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Houston Texans Open Season with High Expectations

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Matt Schaub and Arian Foster will need to come up big to make it to the one game they've never played in. Photo by Elsa/Getty Images.
Matt Schaub and Arian Foster will need to come up big to make it to the one game they've never played in. Photo by Elsa/Getty Images.

Ever since recording the franchise’s first winning campaign in 2009, the Houston Texans have been met with high expectations going into the subsequent season openers.

And while two consecutive victories in the Wild Card round of the NFL playoffs as the third seed is seen as acceptable for many teams in the league, head coach Gary Kubiak and company will need to advance further if the aforementioned expectations are to be met with results.

The ‘Super Bowl or Bust’ mentality is justified, as the 12-4 squad from last season brings back its viable coaching staff and its star players: pro-bowl starting quarterback Matt Schaub will be taking the snaps with all-pro Arian Foster handling a majority of the carries and keeping opposing defense’s honest.  Foster is coming off a stellar season, scoring 17 total touchdowns and accumulating 1,424 yards on the ground.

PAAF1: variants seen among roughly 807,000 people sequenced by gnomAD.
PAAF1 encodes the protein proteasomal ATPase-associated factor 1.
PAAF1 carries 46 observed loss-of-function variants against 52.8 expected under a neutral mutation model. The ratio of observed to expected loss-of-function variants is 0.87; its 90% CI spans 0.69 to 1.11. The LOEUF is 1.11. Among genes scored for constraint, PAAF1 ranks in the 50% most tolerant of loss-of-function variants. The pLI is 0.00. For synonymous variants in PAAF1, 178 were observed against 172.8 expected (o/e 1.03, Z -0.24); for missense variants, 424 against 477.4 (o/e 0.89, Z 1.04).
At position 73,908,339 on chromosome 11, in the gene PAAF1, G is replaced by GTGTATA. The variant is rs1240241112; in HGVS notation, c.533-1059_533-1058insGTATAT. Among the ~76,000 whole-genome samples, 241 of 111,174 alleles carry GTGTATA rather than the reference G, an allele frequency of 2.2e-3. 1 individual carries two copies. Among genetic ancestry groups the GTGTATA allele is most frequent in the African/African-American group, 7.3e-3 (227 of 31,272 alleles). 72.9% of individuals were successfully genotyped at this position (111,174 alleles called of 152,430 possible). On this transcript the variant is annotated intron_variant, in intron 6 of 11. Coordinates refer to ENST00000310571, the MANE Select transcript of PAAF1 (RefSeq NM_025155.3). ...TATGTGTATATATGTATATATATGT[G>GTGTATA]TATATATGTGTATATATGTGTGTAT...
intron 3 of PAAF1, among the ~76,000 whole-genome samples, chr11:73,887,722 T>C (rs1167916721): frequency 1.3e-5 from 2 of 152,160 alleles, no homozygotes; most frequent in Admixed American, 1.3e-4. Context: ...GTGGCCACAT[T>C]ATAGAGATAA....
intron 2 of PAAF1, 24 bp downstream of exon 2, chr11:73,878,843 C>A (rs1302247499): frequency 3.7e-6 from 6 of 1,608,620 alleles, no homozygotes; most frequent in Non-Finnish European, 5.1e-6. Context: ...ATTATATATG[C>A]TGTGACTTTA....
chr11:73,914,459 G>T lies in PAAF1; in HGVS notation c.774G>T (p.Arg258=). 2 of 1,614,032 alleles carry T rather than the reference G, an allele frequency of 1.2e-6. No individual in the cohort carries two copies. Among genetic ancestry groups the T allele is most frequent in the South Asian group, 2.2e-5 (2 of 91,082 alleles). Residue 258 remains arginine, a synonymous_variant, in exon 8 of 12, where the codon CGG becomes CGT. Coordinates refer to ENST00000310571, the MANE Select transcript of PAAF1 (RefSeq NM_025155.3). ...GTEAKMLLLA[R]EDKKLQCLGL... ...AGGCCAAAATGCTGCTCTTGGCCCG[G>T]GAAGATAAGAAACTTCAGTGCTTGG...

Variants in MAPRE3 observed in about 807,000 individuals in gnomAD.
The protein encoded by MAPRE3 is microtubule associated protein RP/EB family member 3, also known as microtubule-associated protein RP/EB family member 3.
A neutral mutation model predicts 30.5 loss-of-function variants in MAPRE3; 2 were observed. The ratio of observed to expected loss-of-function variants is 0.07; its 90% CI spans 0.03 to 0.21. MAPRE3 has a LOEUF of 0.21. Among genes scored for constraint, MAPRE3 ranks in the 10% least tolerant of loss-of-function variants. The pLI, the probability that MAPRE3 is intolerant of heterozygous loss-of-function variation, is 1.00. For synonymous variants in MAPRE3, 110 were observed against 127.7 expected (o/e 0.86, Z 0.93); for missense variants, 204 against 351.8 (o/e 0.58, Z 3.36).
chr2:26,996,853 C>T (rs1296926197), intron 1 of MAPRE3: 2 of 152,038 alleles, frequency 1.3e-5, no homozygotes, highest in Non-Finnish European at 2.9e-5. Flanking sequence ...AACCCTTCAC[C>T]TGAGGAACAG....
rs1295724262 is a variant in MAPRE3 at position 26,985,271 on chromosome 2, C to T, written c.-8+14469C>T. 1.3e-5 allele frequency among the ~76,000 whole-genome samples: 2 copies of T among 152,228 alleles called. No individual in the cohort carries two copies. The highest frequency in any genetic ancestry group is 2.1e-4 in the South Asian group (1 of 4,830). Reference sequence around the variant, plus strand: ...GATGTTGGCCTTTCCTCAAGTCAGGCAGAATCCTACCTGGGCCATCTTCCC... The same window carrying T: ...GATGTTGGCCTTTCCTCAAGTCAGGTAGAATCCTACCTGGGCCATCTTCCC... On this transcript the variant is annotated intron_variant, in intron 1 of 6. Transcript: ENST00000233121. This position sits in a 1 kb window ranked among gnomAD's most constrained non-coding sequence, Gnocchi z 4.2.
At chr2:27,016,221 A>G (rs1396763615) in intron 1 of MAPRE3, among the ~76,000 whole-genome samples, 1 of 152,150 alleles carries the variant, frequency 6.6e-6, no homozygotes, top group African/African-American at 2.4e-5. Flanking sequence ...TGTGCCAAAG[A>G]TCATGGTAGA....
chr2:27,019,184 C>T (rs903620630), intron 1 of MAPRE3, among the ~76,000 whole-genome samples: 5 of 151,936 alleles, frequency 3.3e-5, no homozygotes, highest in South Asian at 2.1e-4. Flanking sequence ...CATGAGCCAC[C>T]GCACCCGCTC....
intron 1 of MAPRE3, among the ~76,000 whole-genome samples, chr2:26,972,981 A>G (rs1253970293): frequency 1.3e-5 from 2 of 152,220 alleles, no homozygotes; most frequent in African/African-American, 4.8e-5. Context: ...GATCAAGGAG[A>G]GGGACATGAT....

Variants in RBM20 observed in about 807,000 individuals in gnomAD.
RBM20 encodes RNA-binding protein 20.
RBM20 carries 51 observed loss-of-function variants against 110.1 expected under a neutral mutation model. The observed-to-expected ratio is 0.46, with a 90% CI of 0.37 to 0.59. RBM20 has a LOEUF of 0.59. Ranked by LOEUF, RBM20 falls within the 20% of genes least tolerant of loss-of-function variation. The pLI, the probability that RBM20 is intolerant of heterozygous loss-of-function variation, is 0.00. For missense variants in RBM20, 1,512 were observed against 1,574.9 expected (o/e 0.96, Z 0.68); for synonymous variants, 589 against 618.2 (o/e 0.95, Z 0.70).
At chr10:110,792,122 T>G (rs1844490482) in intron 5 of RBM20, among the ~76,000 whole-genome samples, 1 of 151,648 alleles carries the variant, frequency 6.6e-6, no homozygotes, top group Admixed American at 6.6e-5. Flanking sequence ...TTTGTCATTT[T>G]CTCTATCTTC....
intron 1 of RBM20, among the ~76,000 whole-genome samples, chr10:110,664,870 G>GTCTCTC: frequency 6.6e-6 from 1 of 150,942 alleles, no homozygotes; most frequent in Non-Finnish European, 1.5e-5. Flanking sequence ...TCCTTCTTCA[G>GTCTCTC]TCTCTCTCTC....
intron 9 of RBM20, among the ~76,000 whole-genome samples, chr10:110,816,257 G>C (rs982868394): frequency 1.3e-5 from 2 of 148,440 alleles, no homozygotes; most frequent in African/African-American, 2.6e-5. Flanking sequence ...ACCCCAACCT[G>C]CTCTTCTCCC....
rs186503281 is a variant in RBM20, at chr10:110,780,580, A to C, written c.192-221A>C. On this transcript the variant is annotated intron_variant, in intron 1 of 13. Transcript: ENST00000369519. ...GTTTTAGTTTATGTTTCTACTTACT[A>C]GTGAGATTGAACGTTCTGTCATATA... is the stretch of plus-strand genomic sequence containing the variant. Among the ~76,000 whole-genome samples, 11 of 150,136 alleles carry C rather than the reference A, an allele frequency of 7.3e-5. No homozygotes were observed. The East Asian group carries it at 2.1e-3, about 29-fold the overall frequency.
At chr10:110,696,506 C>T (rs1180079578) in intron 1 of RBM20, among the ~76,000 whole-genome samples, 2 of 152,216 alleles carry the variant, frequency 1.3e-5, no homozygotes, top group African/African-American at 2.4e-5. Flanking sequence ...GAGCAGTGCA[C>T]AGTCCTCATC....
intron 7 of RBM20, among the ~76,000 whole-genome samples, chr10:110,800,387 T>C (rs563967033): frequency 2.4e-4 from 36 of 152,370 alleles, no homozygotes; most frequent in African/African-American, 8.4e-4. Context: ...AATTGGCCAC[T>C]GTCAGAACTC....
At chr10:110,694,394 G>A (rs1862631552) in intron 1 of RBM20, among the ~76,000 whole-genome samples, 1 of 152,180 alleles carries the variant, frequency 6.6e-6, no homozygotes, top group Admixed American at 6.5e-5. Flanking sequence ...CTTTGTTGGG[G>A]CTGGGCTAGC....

Andre Johnson and Owen Daniels are sure to be Schaub’s favorite targets.

Behind Johnson however, the Texans will trot out relatively inexperienced receivers with Keshawn Martin, DeVier Posey, and rookie Lestar Jean accounting for five years and 22 combined receptions in the professional ranks.

This week’s news of left guard Wade Smith undergoing an arthroscopic knee scope surely doesn’t help matters either.

On the other side of the ball, reigning NFL Defensive Player of the Year J.J. Watt leads the Texans defense. Brooks Reed, Brian Cushing, Johnathan Joseph and newly acquisition Ed Reed complement the solid 11-man ­­­­unit.

On special teams, one player that will not be mentioned often but will prove instrumental in the team’s success is punter Shane Lechler, whom the Texans signed after the veteran was released by the Oakland Raiders.

Houston will play six playoff teams from last season, including division foe Indianapolis, twice.  As is proven year after year, it is pointless to project wins and losses, but two games apiece versus the Jacksonville Jaguars and the Tennessee Titans and  a home game against Oakland should prove to benefit the Texans.

Despite their unproven receivers, injuries to key players, and high expectations, the Texans will take advantage of their schedule and win the division on their way to clinching another postseason berth. The question is: will they get past the Divisional Round for the first time in franchise history? The road to Dallas begins September 9, as the Texans travel to San Diego to take on the Chargers.